Why pronunciations are so confused
- To: Multiple recipients of list AROID-L <email@example.com>
- Subject: Why pronunciations are so confused
- From: Alektra@aol.com
- Date: Tue, 15 Jan 2002 08:40:26 -0600 (CST)
In a message dated 1/11/2 7:21:35 PM, firstname.lastname@example.org writes:
<< After all this discussion on pronunciation of Latin, doesn't anyone
that the Romans are DEAD?????? Then where did all these "authorities" got
Wilbertus Amorphophallophilus Tertius Magnus Blah-us, blah-us, blah-us (no
offensus to anyonus) >>
Offensum non taken. Sorry about the slow electrons, but I did not think your
question was merely rhetorical, so here's the answer (and even if it was
rhetorical, here it is anyway!)...
There are 2 different sets of Latin pronunciations.
a) The ancient/classical pronunciation set is indeed not certain, but it is
pretty well known because there's tons of information on how they talked.
There are poems, which were written according to stricter rules than English
verse ever used. And there are descriptions of how foreigners spoke with
accents, or how people in different regions spoke. A guy named Varro wrote a
lot on this topic, about 2000 years ago.
b) The medieval/modern pronunciation set is known because it is still used;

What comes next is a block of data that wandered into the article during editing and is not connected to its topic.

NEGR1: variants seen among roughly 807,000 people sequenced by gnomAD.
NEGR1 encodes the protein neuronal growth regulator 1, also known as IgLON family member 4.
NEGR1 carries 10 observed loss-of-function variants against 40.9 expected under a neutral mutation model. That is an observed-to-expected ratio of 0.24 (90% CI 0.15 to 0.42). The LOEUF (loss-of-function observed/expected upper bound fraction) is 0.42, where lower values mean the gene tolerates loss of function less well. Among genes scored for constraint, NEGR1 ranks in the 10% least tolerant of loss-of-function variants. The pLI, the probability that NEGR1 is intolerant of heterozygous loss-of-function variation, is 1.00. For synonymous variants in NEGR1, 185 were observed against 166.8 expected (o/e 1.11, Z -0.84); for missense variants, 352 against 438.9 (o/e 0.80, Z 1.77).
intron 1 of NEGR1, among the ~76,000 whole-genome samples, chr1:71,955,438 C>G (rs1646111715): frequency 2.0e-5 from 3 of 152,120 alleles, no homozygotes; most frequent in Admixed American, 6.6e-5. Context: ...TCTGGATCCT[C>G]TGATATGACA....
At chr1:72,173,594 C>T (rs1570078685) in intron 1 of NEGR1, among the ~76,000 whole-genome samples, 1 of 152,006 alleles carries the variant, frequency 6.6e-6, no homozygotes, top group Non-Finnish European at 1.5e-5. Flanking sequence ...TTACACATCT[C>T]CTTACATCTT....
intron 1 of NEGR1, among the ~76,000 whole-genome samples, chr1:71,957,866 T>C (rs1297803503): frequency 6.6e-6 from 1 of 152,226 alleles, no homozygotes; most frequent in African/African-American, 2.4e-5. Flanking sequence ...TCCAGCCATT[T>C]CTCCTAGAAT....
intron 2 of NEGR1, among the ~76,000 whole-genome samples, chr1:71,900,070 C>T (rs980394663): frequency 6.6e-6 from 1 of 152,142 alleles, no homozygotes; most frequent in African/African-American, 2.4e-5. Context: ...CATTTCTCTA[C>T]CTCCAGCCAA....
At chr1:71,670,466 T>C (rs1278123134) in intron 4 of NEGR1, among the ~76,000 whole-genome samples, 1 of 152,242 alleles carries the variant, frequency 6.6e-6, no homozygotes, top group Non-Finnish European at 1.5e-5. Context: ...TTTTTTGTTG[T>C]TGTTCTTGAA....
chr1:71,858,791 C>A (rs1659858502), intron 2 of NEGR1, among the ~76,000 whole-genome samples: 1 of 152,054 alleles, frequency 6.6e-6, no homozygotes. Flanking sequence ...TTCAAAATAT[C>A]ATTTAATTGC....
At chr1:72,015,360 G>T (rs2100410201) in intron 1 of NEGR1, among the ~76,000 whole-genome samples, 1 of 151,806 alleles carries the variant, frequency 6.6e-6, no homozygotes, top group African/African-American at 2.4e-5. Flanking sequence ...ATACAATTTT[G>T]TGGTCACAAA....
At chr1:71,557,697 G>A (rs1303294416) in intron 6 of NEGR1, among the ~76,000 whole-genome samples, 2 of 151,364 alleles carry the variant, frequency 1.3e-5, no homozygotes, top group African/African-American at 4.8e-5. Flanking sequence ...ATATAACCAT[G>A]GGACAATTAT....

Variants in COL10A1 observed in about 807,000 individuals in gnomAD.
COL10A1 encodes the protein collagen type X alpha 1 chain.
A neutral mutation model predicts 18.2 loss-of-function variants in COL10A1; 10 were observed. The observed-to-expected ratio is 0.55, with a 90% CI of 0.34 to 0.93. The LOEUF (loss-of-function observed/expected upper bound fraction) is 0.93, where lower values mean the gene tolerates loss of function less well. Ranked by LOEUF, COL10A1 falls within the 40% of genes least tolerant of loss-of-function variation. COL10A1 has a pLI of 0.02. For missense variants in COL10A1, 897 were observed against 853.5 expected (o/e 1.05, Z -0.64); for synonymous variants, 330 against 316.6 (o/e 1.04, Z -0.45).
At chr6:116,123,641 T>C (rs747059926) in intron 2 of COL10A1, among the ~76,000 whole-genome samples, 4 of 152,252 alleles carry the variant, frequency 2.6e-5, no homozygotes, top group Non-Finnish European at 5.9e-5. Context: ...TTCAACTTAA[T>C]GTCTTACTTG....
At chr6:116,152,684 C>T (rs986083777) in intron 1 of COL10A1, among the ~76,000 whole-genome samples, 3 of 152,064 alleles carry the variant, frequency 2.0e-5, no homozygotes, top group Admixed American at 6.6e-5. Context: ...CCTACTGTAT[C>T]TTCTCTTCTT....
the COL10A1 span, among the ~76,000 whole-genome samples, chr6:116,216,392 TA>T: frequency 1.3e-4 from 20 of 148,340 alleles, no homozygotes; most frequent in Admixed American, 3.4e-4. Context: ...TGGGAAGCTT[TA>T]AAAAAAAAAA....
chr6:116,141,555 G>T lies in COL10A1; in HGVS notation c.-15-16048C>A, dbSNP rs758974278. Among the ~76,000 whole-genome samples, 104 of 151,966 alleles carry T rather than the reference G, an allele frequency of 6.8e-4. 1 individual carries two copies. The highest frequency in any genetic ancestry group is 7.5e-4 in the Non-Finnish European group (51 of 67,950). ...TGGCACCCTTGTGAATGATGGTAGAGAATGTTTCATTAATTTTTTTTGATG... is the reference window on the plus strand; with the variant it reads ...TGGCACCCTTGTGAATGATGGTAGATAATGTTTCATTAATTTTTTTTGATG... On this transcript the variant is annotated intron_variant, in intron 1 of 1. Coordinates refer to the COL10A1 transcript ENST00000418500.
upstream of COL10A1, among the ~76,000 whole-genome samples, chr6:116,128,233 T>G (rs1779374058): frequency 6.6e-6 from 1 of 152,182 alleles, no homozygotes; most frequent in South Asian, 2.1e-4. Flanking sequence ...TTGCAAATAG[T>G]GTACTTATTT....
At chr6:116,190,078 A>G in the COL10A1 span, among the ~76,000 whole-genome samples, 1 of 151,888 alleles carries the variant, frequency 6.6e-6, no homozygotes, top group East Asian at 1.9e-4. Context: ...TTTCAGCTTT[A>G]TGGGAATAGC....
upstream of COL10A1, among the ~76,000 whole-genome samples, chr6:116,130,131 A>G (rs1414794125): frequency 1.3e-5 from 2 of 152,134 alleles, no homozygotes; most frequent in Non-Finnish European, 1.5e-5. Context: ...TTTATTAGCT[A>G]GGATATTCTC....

it's very much like Italian. Also, there are parts of Europe that still have
a lot of people who study Latin and keep inventing words for modern things (I
seem to recall that Finland is one such place) and even do radio shows in
Latin. Additionally, Latin is still one of the languages of the Roman
Catholic Church. Even into the late 1970s in some RC universities, there were
still some American graduate students who =chose= to defend their doctoral
dissertations in Latin.
c) And there are descriptions of how these things changed over time.
So, there's your answer. That's also why there are usually at least 2 sets of
The word could be pronounced "ah-ree-SIGH-mah," and that could be correct by
the standards of classical Latin.
HOWEVER, there are often 4 sets of correct pronunciations.
Dewey's example of "raphidophora" brings up another issue, which is whether a
word in question is pronounced in the Greek or Latin way.
"ra-phi-DOPH-o-ra" is Latin. "ra-phi-do-PHO-ra" is Greek.
That's why both are correct, because "raphidophora" is really a Greek word
written in Latin letters.
And then, there's modern Greek versus ancient Greek.
"ahg-lah-oh-NEHH-mah" is ancient Greek. "ahg-lah-oh-NEEE-mah" is modern Greek.
Of course, no American pronounces "uh-glay-oh-NEEE-muh" either way!
Literally, as the saying goes, "it's academic." Species naming is sort of
like classical Chinese. It can be pronounced many different ways, but it
unites people by allowing them to correspond.
Thank you all for your forbearance!